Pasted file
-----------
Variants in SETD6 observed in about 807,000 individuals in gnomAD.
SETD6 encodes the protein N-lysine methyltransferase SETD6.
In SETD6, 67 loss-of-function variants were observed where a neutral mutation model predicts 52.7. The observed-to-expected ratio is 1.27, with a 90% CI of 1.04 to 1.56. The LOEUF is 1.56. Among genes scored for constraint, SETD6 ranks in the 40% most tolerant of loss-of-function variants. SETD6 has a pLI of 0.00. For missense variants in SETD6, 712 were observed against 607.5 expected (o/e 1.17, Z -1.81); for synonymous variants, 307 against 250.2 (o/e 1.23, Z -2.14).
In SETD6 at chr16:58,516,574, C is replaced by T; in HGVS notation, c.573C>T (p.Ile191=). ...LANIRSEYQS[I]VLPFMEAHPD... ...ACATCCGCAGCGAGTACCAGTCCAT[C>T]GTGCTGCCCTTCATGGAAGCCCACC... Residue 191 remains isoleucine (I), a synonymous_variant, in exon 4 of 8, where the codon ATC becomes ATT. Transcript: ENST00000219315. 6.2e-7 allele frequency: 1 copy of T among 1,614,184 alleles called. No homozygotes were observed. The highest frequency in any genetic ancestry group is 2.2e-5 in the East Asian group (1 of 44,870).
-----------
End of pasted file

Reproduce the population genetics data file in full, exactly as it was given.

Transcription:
Variants in SETD6 observed in about 807,000 individuals in gnomAD.
SETD6 encodes the protein N-lysine methyltransferase SETD6.
In SETD6, 67 loss-of-function variants were observed where a neutral mutation model predicts 52.7. The observed-to-expected ratio is 1.27, with a 90% CI of 1.04 to 1.56. The LOEUF is 1.56. Among genes scored for constraint, SETD6 ranks in the 40% most tolerant of loss-of-function variants. SETD6 has a pLI of 0.00. For missense variants in SETD6, 712 were observed against 607.5 expected (o/e 1.17, Z -1.81); for synonymous variants, 307 against 250.2 (o/e 1.23, Z -2.14).
In SETD6 at chr16:58,516,574, C is replaced by T; in HGVS notation, c.573C>T (p.Ile191=). ...LANIRSEYQS[I]VLPFMEAHPD... ...ACATCCGCAGCGAGTACCAGTCCAT[C>T]GTGCTGCCCTTCATGGAAGCCCACC... Residue 191 remains isoleucine (I), a synonymous_variant, in exon 4 of 8, where the codon ATC becomes ATT. Transcript: ENST00000219315. 6.2e-7 allele frequency: 1 copy of T among 1,614,184 alleles called. No homozygotes were observed. The highest frequency in any genetic ancestry group is 2.2e-5 in the East Asian group (1 of 44,870).